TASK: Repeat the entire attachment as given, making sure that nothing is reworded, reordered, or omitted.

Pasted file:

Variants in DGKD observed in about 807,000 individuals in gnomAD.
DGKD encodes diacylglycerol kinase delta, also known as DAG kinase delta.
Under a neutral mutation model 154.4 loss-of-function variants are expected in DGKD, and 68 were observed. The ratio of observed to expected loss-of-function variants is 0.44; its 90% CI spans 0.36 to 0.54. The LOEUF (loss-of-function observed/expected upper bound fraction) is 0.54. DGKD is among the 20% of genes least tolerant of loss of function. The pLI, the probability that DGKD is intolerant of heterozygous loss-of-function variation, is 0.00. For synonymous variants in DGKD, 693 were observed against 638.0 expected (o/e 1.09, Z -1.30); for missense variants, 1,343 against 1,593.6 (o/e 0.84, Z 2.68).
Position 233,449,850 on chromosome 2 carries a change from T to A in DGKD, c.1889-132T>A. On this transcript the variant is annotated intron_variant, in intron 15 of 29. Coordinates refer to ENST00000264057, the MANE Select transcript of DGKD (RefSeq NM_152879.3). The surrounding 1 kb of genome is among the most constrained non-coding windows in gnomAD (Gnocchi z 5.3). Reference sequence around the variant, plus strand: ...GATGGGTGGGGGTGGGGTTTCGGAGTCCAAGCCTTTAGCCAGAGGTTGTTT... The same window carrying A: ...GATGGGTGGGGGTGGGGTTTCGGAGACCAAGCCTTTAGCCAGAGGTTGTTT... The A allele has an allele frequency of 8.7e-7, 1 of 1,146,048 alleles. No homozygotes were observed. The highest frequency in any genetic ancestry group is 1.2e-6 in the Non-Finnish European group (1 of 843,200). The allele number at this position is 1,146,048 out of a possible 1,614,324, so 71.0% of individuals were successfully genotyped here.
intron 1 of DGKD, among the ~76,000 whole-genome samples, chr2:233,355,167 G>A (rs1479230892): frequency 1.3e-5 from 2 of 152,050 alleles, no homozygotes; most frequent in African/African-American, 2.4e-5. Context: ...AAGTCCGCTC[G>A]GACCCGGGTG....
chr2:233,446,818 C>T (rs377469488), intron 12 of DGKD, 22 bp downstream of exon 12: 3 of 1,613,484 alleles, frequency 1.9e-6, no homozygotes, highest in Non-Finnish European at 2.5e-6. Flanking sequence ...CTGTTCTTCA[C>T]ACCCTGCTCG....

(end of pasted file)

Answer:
Variants in DGKD observed in about 807,000 individuals in gnomAD.
DGKD encodes diacylglycerol kinase delta, also known as DAG kinase delta.
Under a neutral mutation model 154.4 loss-of-function variants are expected in DGKD, and 68 were observed. The ratio of observed to expected loss-of-function variants is 0.44; its 90% CI spans 0.36 to 0.54. The LOEUF (loss-of-function observed/expected upper bound fraction) is 0.54. DGKD is among the 20% of genes least tolerant of loss of function. The pLI, the probability that DGKD is intolerant of heterozygous loss-of-function variation, is 0.00. For synonymous variants in DGKD, 693 were observed against 638.0 expected (o/e 1.09, Z -1.30); for missense variants, 1,343 against 1,593.6 (o/e 0.84, Z 2.68).
Position 233,449,850 on chromosome 2 carries a change from T to A in DGKD, c.1889-132T>A. On this transcript the variant is annotated intron_variant, in intron 15 of 29. Coordinates refer to ENST00000264057, the MANE Select transcript of DGKD (RefSeq NM_152879.3). The surrounding 1 kb of genome is among the most constrained non-coding windows in gnomAD (Gnocchi z 5.3). Reference sequence around the variant, plus strand: ...GATGGGTGGGGGTGGGGTTTCGGAGTCCAAGCCTTTAGCCAGAGGTTGTTT... The same window carrying A: ...GATGGGTGGGGGTGGGGTTTCGGAGACCAAGCCTTTAGCCAGAGGTTGTTT... The A allele has an allele frequency of 8.7e-7, 1 of 1,146,048 alleles. No homozygotes were observed. The highest frequency in any genetic ancestry group is 1.2e-6 in the Non-Finnish European group (1 of 843,200). The allele number at this position is 1,146,048 out of a possible 1,614,324, so 71.0% of individuals were successfully genotyped here.
intron 1 of DGKD, among the ~76,000 whole-genome samples, chr2:233,355,167 G>A (rs1479230892): frequency 1.3e-5 from 2 of 152,050 alleles, no homozygotes; most frequent in African/African-American, 2.4e-5. Context: ...AAGTCCGCTC[G>A]GACCCGGGTG....
chr2:233,446,818 C>T (rs377469488), intron 12 of DGKD, 22 bp downstream of exon 12: 3 of 1,613,484 alleles, frequency 1.9e-6, no homozygotes, highest in Non-Finnish European at 2.5e-6. Flanking sequence ...CTGTTCTTCA[C>T]ACCCTGCTCG....